So, I’ve been thinking about blackout poetry for quite a while. I’ve also been on my taxonomy project kick for this school year. (The taxonomy project is where I make sets of works of some kind. I have chosen to make sets of 5.) These two interests have proven to be a good combination. This time around I decided to add some other elements to the poems: embroidery, little plastic shapes made with the 3D Doodler (it’s like a hand-held 3D printer that really is better if you stick with 2D), and/or some pictures.
First up, adding in a little sewing to the poem and keeping some surrounding images from the original pages.
New York Panorama
Can you dance
during the week, for a few beats
it’s a time before it vanishes.
With this poem, I added the red stitching for emphasis and even added words, which I had not expected to do. However, I think it works well and adds to the overall effect.
not about the
Then, I tried incorporating some designs made with the 3D Doodler. This first design began as an image that I made separately, but I later noticed it worked with the poem.
The seven story building
has been reimagined
an eccentric friend
gave you a key.
The designs in the next two works were done right on the newspaper, after some testing on other paper, and were created specifically for the poems. First up: Spotlight.
The book fanatic
and resident documentarian
the chief researcher
And finally, this one.
Since it is called “Ghosts: A City Below Ground” I thought I would use the grayish plastic for the 3D Doodler pictures. Then, it turned out it was also glow-in-the-dark, even better. Each building is numbered and the text in that building is to be read top to bottom before moving on to the next.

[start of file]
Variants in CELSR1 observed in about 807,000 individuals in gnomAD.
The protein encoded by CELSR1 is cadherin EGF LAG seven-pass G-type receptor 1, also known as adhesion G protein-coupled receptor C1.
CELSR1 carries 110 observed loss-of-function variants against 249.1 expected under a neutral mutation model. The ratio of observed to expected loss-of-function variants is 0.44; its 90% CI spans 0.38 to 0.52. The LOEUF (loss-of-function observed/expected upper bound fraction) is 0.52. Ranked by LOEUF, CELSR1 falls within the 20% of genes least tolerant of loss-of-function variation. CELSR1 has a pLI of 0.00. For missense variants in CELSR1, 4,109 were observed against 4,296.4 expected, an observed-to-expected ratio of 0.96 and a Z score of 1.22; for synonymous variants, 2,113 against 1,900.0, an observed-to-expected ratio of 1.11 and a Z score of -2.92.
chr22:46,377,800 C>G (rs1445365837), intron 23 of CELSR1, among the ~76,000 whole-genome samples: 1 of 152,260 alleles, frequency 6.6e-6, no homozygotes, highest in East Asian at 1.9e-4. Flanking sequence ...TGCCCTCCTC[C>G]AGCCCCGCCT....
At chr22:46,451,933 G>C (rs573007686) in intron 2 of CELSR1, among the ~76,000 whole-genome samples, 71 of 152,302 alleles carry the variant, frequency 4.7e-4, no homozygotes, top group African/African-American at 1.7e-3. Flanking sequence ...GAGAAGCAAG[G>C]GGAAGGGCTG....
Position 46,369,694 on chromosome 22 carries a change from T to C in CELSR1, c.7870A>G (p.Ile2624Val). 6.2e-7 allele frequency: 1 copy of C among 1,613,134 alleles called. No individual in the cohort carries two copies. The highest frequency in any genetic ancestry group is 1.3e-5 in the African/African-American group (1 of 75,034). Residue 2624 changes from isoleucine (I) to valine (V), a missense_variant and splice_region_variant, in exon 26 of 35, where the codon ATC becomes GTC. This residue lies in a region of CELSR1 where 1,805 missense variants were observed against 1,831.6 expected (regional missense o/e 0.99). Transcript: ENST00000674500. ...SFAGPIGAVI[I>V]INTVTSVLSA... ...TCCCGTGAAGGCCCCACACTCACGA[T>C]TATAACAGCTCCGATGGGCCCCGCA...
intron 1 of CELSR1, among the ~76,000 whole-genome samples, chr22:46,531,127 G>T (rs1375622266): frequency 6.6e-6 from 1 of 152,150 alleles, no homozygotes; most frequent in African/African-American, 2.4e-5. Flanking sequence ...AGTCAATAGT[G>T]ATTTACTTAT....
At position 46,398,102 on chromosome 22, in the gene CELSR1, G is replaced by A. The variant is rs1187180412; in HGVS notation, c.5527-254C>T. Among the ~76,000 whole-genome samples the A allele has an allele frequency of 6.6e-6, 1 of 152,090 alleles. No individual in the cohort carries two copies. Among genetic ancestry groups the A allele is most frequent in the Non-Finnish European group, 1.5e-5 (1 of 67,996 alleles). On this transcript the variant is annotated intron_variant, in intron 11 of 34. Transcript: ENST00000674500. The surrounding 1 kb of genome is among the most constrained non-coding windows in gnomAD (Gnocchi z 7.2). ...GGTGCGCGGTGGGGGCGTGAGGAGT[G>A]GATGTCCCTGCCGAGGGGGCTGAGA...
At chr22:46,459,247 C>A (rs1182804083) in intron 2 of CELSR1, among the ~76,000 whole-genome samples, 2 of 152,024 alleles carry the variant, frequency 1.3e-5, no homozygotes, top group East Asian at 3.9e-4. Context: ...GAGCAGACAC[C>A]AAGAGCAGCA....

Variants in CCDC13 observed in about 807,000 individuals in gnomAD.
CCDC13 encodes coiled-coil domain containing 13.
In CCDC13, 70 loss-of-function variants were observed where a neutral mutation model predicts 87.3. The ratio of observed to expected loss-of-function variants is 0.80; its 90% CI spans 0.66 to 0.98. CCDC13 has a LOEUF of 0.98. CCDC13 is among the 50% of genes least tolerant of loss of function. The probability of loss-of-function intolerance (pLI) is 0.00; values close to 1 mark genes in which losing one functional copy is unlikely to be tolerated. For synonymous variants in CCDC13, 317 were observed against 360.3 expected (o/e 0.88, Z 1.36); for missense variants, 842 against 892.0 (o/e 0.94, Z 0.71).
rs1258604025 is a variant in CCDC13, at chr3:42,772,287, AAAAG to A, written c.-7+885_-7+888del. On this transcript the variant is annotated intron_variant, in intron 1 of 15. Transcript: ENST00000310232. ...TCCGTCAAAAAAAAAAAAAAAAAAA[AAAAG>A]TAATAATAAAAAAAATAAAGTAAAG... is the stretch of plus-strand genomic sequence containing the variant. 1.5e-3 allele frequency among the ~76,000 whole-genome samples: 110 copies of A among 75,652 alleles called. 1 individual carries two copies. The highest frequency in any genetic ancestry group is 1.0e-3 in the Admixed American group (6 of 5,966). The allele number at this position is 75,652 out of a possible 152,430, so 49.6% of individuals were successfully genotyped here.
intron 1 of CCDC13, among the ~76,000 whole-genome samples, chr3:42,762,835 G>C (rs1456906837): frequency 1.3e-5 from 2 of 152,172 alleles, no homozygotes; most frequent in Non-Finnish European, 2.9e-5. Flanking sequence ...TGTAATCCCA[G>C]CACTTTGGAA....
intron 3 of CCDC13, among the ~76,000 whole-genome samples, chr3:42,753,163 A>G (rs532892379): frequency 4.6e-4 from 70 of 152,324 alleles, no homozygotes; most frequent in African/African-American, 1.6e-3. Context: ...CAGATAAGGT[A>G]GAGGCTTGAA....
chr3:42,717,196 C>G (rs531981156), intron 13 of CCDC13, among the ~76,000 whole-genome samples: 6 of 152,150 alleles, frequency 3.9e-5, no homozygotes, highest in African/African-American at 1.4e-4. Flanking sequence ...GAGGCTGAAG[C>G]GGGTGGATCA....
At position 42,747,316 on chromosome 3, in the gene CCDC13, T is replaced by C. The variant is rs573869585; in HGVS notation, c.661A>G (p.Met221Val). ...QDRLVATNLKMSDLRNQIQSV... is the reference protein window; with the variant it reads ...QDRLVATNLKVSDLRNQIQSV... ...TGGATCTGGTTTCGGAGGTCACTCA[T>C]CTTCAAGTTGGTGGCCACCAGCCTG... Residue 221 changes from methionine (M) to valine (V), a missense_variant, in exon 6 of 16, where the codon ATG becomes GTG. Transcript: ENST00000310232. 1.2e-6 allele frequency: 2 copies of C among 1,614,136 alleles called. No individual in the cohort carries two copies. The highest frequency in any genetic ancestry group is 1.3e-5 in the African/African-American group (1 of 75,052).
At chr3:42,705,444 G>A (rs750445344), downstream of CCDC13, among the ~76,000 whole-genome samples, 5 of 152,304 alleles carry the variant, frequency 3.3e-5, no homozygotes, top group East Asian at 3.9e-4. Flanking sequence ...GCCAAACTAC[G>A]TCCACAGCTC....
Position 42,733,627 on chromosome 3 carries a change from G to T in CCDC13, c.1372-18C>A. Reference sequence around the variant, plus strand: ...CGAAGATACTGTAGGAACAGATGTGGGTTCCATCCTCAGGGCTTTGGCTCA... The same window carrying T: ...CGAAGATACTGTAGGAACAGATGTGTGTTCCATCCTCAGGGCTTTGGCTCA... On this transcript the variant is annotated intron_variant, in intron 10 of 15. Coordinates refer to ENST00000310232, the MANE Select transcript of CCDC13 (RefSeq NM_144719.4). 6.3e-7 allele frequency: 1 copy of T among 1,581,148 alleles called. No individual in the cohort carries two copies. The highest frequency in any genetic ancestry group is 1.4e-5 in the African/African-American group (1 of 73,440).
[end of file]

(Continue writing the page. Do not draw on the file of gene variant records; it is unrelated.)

Ghosts: A city below ground
S. wearing a suit and tie,
dig a whole anywhere.
Again, no poetry prizes here, but I really enjoyed thinking about what else to bring to the poems. It made me consider the relative merit of literal or more abstract images, design, grouping, and organization. In addition, after the first go round, I only had 3 poems with added visuals. So, having set my goal for a taxonomy group at 5, I went back to some other poems I had and consider how to embellish them. In the process, I worked on another one or two totally new poems and ditched one of the original 3. This does not represent a huge time investment, but it does represent some time spent thinking differently than I might ordinarily think. And that is something to make time for whenever I can.